September 22, 2011

First Human Heart Cells Paced with Light

(Ivanhoe Newswire) -- Stanford researchers have created the first human heart cells that can be paced with light, providing new insight into the heart's function.

To create the light-responsive heart cells, the investigators first inserted DNA encoding a light-sensitive protein -- known as ChR2 -- into human embryonic stem cells. ChR2 controls the flow of electrically-charged ions into the cell. The primary ion for heart cells is sodium, which initiates the electrochemical cascade that causes the cell to contract. They then transformed the optogenetically engineered stem cells into cardiomyocytes that respond to light. Stanford researcher Oscar Abilez, M.D., is the first to create optogenetic human heart cells.

Then, using algorithms, the researchers tested their new cells in a computer simulation of the human heart, injecting the light-sensitive cells in various locations in the heart and shining a virtual blue light on them to observe how the injections affected contraction as it moved across the heart.

"In a real heart, the pacemaking cells are on the top of the heart, and the contraction radiates down and around the heart," Ellen Kuhl, Ph.D., was quoted as saying. "With these models, we can demonstrate not only that pacing cells with light will work, but also where to best inject cells to produce the optimal contraction pattern."

Researchers say the development could lead to a new class of novel, light-based pacemakers and genetically-matched tissue patches that replace muscle damaged by a heart attack. They say, one day, bioengineers may be able to induce pluripotent stem cells fashioned from the recipient's own body or similar cell types that can give rise to genetically matched replacement heart cells paced with light, circumventing the drawbacks of electrical pacemakers.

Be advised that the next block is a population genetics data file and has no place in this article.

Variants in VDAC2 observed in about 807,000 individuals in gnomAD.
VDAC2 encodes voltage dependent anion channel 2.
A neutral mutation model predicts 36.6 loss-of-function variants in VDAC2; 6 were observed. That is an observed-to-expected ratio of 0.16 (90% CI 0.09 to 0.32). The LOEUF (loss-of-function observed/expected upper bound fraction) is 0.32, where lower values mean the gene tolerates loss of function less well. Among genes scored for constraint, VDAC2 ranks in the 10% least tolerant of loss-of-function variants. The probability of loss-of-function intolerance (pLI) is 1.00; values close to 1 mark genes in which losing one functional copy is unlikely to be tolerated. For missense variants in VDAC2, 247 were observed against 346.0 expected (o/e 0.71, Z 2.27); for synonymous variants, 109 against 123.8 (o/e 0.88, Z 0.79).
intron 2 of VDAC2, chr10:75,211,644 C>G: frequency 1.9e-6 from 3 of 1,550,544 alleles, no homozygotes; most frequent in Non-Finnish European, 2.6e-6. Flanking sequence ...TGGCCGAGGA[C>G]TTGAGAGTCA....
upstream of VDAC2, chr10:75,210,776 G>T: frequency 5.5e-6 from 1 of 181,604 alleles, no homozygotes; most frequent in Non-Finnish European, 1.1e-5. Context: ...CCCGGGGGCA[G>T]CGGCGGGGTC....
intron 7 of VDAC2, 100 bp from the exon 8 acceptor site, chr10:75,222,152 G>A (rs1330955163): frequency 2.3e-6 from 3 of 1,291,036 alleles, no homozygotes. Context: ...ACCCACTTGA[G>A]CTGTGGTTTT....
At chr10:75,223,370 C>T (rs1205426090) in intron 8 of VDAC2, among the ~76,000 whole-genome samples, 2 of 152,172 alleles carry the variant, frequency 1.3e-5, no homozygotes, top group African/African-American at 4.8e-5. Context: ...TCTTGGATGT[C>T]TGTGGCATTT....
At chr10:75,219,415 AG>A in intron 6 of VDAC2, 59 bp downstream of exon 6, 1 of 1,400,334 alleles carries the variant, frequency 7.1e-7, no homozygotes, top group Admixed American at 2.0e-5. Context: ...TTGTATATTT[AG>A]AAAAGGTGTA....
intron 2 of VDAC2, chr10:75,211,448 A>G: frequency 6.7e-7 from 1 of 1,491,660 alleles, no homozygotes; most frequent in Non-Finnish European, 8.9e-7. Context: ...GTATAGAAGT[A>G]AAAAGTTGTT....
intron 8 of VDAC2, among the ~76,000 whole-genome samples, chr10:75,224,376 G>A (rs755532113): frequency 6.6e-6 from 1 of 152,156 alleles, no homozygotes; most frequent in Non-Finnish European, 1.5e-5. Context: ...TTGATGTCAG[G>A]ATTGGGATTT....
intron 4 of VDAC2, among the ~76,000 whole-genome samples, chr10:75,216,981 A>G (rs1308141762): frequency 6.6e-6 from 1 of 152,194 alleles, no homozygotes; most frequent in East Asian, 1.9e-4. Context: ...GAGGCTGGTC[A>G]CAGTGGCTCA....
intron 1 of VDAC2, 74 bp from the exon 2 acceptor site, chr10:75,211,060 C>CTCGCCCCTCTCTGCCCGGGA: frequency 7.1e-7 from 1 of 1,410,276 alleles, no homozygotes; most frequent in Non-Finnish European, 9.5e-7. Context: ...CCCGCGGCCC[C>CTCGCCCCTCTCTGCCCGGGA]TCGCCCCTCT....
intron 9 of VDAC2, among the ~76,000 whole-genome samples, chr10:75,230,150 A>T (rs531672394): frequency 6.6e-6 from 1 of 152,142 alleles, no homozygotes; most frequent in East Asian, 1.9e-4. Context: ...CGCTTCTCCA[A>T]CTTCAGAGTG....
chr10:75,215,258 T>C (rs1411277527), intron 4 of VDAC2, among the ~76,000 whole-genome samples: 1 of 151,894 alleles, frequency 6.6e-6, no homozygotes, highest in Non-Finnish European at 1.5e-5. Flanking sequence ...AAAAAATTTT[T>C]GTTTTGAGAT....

"We might, for instance, create a pacemaker that isn't in physical contact with the heart," co-author Christopher Zarins, M.D., professor emeritus of surgery, was quoted as saying. "Instead of surgically implanting a device that has electrodes poking into the heart, we would inject these engineered light-sensitive cells into the faulty heart and pace them remotely with light, possibly even from outside of the heart."

In the nearer future, researchers say optogenetics will make it easier to study the heart because they can turn cells on and off with light. Scientists may be able to use these tools to induce disease-like abnormalities and arrhythmias in sample tissues to study how to fix them. They say optogenetics could also lead to advances in various neuronal and cardiac disorders including depression, schizophrenia, cerebral palsy, paralysis, diabetes, pain syndromes and cardiac arrhythmias.

SOURCE: Biophysical Journal, September 19, 2011